The only way that you do not need to sell is if you do not intend to keep your AA.
I'm not convinced rebalancing is critical. Research seems to be mixed on the benefits. Also I have little taxable investments and TLH doesn't seem that attractive to me since lowering my cost basis seems like a tough sell to me for only some potential tax deferment.
There is a very simple solution. Use a fund of funds like target retirement and/or life strategy fund. Your AA is always correct. You never have to sell.
That's a very good solution. Unfortunately like many, I have many accounts and most of them have no good funds like that. The only decent fund in my 401k is the S&P500 fund, for example.

evestor
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Re: The "never sell" method for staying the course

Post by evestor » Fri Feb 01, 2019 11:48 pm

You have described what I do.

I only sell an investment when I change my strategy and I do not want to own it at all. Over time this has basically been as I realized that I should look more and more like a 3 fund portfolio and less and less like some mess of complex crap that was an error in the first place.
All 'rebalancing' is done in the form of skewing new dollars in. This is easy when I am in the accumulation phase and when my income is high relative to the portfolio.
This year is a good example where I'm skewing my AA a bit and it will be done entirely through new dollars shifting.

Over time this gets harder unless your income keeps growing pseudo-unbounded. IE at some point in the future you might want to rebalance 'faster' than new investment dollars can support, or in a way that new dollars could never support. But I'm not yet at this point. I'll cross this bridge when I come to it.

These are all good problems to have. So everyone who does this should consider themselves very lucky.

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Re: The "never sell" method for staying the course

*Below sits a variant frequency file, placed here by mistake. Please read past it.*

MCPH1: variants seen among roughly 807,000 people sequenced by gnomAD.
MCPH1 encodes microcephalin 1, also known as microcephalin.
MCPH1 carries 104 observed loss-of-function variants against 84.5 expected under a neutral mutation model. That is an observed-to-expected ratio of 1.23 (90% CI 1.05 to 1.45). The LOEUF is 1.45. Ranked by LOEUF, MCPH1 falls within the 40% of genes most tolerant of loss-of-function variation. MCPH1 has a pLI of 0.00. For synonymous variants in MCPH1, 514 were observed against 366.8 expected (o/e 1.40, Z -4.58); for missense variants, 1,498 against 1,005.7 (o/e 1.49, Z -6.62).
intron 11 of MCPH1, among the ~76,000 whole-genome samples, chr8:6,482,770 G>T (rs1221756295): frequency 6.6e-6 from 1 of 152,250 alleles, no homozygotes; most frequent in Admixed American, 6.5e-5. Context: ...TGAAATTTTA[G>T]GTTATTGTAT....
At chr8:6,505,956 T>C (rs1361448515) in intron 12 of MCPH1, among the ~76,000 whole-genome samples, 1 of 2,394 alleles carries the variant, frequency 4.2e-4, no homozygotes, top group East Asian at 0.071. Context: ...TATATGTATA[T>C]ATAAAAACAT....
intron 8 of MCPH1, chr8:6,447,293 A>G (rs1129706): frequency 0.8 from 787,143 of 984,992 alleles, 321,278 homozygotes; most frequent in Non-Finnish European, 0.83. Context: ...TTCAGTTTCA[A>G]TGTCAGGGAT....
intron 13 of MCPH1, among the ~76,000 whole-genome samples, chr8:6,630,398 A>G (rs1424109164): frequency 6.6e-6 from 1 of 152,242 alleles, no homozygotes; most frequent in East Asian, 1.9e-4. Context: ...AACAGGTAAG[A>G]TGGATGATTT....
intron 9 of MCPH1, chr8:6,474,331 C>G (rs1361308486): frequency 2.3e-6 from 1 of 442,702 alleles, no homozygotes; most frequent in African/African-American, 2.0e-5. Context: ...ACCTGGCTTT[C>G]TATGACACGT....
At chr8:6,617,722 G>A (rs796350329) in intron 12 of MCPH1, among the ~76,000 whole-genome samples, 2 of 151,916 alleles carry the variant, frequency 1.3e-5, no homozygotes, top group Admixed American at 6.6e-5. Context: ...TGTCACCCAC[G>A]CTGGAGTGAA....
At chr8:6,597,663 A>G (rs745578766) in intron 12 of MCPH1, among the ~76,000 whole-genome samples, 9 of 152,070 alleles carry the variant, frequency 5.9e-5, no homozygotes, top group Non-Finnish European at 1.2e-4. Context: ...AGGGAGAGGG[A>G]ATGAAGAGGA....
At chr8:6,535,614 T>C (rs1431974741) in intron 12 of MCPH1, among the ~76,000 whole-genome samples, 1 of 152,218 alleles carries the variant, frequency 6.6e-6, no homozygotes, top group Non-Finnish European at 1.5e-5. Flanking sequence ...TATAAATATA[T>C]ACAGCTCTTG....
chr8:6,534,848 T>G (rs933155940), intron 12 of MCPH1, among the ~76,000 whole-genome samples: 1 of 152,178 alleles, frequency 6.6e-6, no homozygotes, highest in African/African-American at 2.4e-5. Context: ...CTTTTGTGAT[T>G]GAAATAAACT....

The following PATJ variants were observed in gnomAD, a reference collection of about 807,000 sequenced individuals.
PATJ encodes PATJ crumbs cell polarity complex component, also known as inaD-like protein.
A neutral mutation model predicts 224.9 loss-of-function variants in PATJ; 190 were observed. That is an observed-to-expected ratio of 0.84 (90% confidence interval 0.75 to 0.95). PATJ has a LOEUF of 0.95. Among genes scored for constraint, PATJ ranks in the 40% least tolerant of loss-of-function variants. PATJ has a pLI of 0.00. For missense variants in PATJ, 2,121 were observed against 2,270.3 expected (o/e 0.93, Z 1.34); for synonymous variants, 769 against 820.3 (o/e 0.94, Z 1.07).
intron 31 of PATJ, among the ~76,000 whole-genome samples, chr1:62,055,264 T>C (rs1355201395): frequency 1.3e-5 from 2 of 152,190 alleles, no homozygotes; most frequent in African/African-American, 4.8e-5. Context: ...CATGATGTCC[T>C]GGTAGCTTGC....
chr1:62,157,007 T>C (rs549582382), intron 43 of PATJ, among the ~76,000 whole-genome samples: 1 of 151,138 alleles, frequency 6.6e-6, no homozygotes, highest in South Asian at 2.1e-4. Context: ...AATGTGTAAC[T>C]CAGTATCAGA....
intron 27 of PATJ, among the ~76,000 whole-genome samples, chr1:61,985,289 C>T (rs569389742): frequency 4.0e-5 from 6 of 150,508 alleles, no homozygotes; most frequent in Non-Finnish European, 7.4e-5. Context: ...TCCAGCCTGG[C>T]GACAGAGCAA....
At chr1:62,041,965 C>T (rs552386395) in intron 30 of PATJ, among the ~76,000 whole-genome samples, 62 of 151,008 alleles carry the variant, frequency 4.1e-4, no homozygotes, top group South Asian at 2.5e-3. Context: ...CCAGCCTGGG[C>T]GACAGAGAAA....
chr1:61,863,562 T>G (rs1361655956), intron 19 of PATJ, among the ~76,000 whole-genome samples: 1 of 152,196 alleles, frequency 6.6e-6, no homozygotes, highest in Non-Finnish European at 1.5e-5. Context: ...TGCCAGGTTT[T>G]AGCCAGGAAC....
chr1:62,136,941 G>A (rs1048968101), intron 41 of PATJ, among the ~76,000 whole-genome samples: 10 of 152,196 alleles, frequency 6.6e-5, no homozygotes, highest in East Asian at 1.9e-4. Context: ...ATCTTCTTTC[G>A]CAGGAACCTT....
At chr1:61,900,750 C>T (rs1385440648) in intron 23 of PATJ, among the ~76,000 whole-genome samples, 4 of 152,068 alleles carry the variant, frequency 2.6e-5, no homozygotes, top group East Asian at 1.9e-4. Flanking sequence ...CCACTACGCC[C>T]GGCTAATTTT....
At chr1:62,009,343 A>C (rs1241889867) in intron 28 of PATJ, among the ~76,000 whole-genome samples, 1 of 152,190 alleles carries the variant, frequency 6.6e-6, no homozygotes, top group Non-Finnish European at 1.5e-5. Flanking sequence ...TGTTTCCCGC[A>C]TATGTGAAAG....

Post by qwertyjazz » Sat Feb 02, 2019 7:07 am

This seems to me to be a mostly reasonable strategy. There is not a rebalancing bonus (mostly except in certain specific conditions). You spend money in dollars not percentages so an AA does not actually control you ‘risk’ as to do so would have to account in some way for wealth. The big question is if you have to sell because of bad life events at some point. What would you sell and how? The advantage of AA maintained is it gives an easy answer that avoids behavioral fallacies. If you thought you would never need to sell than you would probably be 100% stocks anyway. So there is a contradiction that I am trying to figure out for myself as well.
G.E. Box "All models are wrong, but some are useful."

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Re: The "never sell" method for staying the course

Post by Horton » Sat Feb 02, 2019 8:19 am

At a high level, my general approach is to "rebalance" to my target AA using contributions rather than exchanging existing funds. It's easy since my AA is rather simple and my contributions are still relatively large compared to my total portfolio balance. The strategy becomes more challenging with a complicated portfolio (e.g., slice-and-dice, which is sounds like you are doing) and lower contributions (as a % of your total portfolio).
🏃 since 2005

2015
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Re: The "never sell" method for staying the course

Post by 2015 » Sat Feb 02, 2019 2:53 pm

staythecourse wrote:
Fri Feb 01, 2019 9:19 pm